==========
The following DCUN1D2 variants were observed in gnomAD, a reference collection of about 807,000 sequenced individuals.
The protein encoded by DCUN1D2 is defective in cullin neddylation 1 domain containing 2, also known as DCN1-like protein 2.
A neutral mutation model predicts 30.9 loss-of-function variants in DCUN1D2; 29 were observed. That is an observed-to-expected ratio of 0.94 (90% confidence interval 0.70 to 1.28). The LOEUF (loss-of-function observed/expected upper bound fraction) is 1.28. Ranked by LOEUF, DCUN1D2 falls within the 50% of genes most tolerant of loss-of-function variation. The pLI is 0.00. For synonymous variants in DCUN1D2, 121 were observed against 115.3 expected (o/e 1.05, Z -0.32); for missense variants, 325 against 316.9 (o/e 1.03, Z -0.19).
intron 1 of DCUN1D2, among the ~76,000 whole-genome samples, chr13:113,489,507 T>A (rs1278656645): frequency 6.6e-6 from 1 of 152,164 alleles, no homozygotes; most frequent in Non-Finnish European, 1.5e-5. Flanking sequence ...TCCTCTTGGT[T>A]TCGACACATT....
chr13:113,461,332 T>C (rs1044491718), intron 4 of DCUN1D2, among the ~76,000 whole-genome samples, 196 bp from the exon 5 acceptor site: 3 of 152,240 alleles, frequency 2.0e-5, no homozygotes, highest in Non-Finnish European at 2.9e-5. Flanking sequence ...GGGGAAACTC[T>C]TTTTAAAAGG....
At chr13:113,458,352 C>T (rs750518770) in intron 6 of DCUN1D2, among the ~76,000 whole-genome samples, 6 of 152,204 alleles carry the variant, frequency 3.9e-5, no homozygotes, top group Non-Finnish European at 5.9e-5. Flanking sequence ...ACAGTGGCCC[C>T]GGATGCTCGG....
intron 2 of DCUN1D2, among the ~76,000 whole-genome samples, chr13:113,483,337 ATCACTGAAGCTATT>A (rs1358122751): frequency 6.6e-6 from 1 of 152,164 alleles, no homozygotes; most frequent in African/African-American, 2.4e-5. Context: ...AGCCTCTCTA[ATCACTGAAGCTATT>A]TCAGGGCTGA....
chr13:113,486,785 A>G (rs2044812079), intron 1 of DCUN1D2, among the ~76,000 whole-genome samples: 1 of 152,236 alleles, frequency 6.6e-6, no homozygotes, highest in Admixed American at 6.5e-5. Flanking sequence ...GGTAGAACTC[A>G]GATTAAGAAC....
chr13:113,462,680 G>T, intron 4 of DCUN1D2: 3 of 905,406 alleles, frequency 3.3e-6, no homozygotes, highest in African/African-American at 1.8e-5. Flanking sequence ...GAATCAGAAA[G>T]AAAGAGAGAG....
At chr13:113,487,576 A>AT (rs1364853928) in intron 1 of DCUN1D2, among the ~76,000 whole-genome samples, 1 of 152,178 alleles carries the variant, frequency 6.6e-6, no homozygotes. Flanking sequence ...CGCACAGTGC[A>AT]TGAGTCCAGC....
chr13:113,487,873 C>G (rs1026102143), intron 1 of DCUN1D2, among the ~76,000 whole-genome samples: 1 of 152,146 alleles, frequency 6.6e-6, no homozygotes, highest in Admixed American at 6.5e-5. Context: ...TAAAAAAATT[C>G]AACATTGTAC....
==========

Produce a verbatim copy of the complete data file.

The following DCUN1D2 variants were observed in gnomAD, a reference collection of about 807,000 sequenced individuals.
The protein encoded by DCUN1D2 is defective in cullin neddylation 1 domain containing 2, also known as DCN1-like protein 2.
A neutral mutation model predicts 30.9 loss-of-function variants in DCUN1D2; 29 were observed. That is an observed-to-expected ratio of 0.94 (90% confidence interval 0.70 to 1.28). The LOEUF (loss-of-function observed/expected upper bound fraction) is 1.28. Ranked by LOEUF, DCUN1D2 falls within the 50% of genes most tolerant of loss-of-function variation. The pLI is 0.00. For synonymous variants in DCUN1D2, 121 were observed against 115.3 expected (o/e 1.05, Z -0.32); for missense variants, 325 against 316.9 (o/e 1.03, Z -0.19).
intron 1 of DCUN1D2, among the ~76,000 whole-genome samples, chr13:113,489,507 T>A (rs1278656645): frequency 6.6e-6 from 1 of 152,164 alleles, no homozygotes; most frequent in Non-Finnish European, 1.5e-5. Flanking sequence ...TCCTCTTGGT[T>A]TCGACACATT....
chr13:113,461,332 T>C (rs1044491718), intron 4 of DCUN1D2, among the ~76,000 whole-genome samples, 196 bp from the exon 5 acceptor site: 3 of 152,240 alleles, frequency 2.0e-5, no homozygotes, highest in Non-Finnish European at 2.9e-5. Flanking sequence ...GGGGAAACTC[T>C]TTTTAAAAGG....
At chr13:113,458,352 C>T (rs750518770) in intron 6 of DCUN1D2, among the ~76,000 whole-genome samples, 6 of 152,204 alleles carry the variant, frequency 3.9e-5, no homozygotes, top group Non-Finnish European at 5.9e-5. Flanking sequence ...ACAGTGGCCC[C>T]GGATGCTCGG....
intron 2 of DCUN1D2, among the ~76,000 whole-genome samples, chr13:113,483,337 ATCACTGAAGCTATT>A (rs1358122751): frequency 6.6e-6 from 1 of 152,164 alleles, no homozygotes; most frequent in African/African-American, 2.4e-5. Context: ...AGCCTCTCTA[ATCACTGAAGCTATT>A]TCAGGGCTGA....
chr13:113,486,785 A>G (rs2044812079), intron 1 of DCUN1D2, among the ~76,000 whole-genome samples: 1 of 152,236 alleles, frequency 6.6e-6, no homozygotes, highest in Admixed American at 6.5e-5. Flanking sequence ...GGTAGAACTC[A>G]GATTAAGAAC....
chr13:113,462,680 G>T, intron 4 of DCUN1D2: 3 of 905,406 alleles, frequency 3.3e-6, no homozygotes, highest in African/African-American at 1.8e-5. Flanking sequence ...GAATCAGAAA[G>T]AAAGAGAGAG....
At chr13:113,487,576 A>AT (rs1364853928) in intron 1 of DCUN1D2, among the ~76,000 whole-genome samples, 1 of 152,178 alleles carries the variant, frequency 6.6e-6, no homozygotes. Flanking sequence ...CGCACAGTGC[A>AT]TGAGTCCAGC....
chr13:113,487,873 C>G (rs1026102143), intron 1 of DCUN1D2, among the ~76,000 whole-genome samples: 1 of 152,146 alleles, frequency 6.6e-6, no homozygotes, highest in Admixed American at 6.5e-5. Context: ...TAAAAAAATT[C>G]AACATTGTAC....